Defendant nevertheless argues that the August 7, 1998 memo could not have been a substantial or motivating factor because (1) the time period between the memo and the termination was almost six months (i.e., August 7, 1998 to January 21, 1999); and (2) several intervening incidents occurred, breaking the link. For support Defendant relies on Wallscetti v. Fox, 258 F.3d 662, 669 (7th Cir. 2001), which held that a four month long period of time "between the protected speech and the adverse employment action ... without more, is too long to support a reasonable inference of causation." (citations omitted) (emphasis added). However, Wallscetti is distinguishable inasmuch as in that case there was no admission from the employer that the employee's speech played any role in his decision to fire the employee, and therefore the employee could only rely on the four month time gap to support a causal link. Conversely, in the present case Defendant conceded that Plaintiff's memo was a motivating factor in her decision to fire Plaintiff. Therefore, Plaintiff has met her burden of production with respect to showing that her First Amendment protected activity was a motivating factor in Defendant's decision to fire Plaintiff. The burden now shifts to Defendant to demonstrate that she would have fired Plaintiff notwithstanding Plaintiff's exercise of First Amendment protected speech. As noted earlier, this is generally a jury question. Perry, 209 F.3d at 604 n. 4. Thus, the parties may litigate at trial whether Defendant would have terminated Plaintiff notwithstanding Plaintiff's dissemination of her August 7, 1998 memo. See Crawford-El v. Britton, 523 U.S. 574, 593, 118 S. Ct. 1584, 140 L. Ed. 2d 759 (1998) (citing Mt. Healthy, 429 U.S. at 287, 97 S. Ct. 568).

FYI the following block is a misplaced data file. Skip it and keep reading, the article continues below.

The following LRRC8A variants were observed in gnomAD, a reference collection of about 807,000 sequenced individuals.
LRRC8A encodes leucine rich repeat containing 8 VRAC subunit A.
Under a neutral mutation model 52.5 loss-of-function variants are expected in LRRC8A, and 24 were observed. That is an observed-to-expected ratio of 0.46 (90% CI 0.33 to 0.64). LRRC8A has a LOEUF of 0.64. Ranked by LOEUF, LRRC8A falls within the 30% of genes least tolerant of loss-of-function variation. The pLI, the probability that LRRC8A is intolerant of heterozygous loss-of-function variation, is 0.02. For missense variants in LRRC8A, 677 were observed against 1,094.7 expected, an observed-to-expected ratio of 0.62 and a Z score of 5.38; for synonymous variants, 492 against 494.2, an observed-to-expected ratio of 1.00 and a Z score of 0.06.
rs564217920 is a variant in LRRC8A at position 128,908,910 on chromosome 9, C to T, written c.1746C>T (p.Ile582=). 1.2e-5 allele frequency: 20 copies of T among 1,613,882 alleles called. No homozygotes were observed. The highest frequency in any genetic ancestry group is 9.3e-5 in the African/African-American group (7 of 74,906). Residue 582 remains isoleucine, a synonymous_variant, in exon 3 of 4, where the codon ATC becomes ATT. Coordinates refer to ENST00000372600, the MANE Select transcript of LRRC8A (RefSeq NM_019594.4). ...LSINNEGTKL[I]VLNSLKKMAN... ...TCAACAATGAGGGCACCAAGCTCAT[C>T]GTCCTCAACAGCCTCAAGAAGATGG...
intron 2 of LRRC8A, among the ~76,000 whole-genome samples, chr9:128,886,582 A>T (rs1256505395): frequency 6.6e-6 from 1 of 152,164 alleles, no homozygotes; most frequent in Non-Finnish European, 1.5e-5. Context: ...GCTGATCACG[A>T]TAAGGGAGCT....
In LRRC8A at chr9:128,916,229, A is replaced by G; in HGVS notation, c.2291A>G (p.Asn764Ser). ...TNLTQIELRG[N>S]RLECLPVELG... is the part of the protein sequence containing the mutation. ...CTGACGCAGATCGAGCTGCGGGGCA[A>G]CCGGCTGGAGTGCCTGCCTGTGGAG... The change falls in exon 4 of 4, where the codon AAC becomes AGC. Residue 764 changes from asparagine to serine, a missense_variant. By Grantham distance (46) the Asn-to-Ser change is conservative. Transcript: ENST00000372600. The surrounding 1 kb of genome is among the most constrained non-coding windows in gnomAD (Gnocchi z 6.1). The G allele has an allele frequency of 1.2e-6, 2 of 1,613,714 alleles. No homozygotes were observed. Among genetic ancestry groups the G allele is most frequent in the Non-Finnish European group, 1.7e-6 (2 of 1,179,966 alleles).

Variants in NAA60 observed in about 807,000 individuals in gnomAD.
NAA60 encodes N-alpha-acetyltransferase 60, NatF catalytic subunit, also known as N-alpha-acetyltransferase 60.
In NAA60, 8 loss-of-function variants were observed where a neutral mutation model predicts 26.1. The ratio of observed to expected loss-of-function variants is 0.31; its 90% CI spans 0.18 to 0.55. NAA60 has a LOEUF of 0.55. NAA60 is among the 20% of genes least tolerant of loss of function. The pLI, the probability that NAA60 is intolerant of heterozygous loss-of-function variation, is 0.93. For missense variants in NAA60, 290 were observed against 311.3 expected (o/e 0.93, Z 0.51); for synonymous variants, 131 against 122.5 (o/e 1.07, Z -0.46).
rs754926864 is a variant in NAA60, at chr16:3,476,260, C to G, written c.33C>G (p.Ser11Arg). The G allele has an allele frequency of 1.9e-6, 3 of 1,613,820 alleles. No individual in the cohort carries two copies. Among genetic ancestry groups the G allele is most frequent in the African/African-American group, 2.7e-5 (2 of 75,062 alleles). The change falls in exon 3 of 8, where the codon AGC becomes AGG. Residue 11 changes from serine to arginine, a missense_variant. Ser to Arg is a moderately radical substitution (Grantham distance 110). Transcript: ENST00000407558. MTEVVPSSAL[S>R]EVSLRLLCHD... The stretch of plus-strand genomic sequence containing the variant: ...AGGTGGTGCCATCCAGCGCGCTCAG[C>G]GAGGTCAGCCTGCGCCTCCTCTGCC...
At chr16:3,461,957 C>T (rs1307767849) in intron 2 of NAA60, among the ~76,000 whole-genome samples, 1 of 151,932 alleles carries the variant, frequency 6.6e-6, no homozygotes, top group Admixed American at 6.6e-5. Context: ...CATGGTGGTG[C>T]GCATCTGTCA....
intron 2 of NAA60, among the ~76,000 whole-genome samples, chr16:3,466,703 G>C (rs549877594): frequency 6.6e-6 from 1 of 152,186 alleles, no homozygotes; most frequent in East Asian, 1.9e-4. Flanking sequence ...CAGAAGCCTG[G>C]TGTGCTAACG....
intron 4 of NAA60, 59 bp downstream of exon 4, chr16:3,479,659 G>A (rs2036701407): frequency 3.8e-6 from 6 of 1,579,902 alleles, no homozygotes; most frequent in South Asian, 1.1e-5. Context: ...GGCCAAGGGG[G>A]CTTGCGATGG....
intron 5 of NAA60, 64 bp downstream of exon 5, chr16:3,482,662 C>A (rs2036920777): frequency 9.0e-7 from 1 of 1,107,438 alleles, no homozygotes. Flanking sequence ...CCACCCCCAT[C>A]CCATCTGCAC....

For the foregoing reasons, we REVERSE the district court's grant of summary judgment to Defendant on Plaintiff's First Amendment claim and REMAND this case to the district court for further proceedings consistent with this opinion.


The Honorable David M. Lawson, United States District Judge for the Eastern District of Michigan, sitting by designation


Although both Plaintiff and Defendant are white females, Plaintiff alleged in her original complaint that most of the employees at the Lewis Center were black and that she, as a "minority" in this employment setting, experienced employment discrimination


Because the district court found that Plaintiff failed to meet this threshold issue, it declined to reach the second and third prongs of the inquiry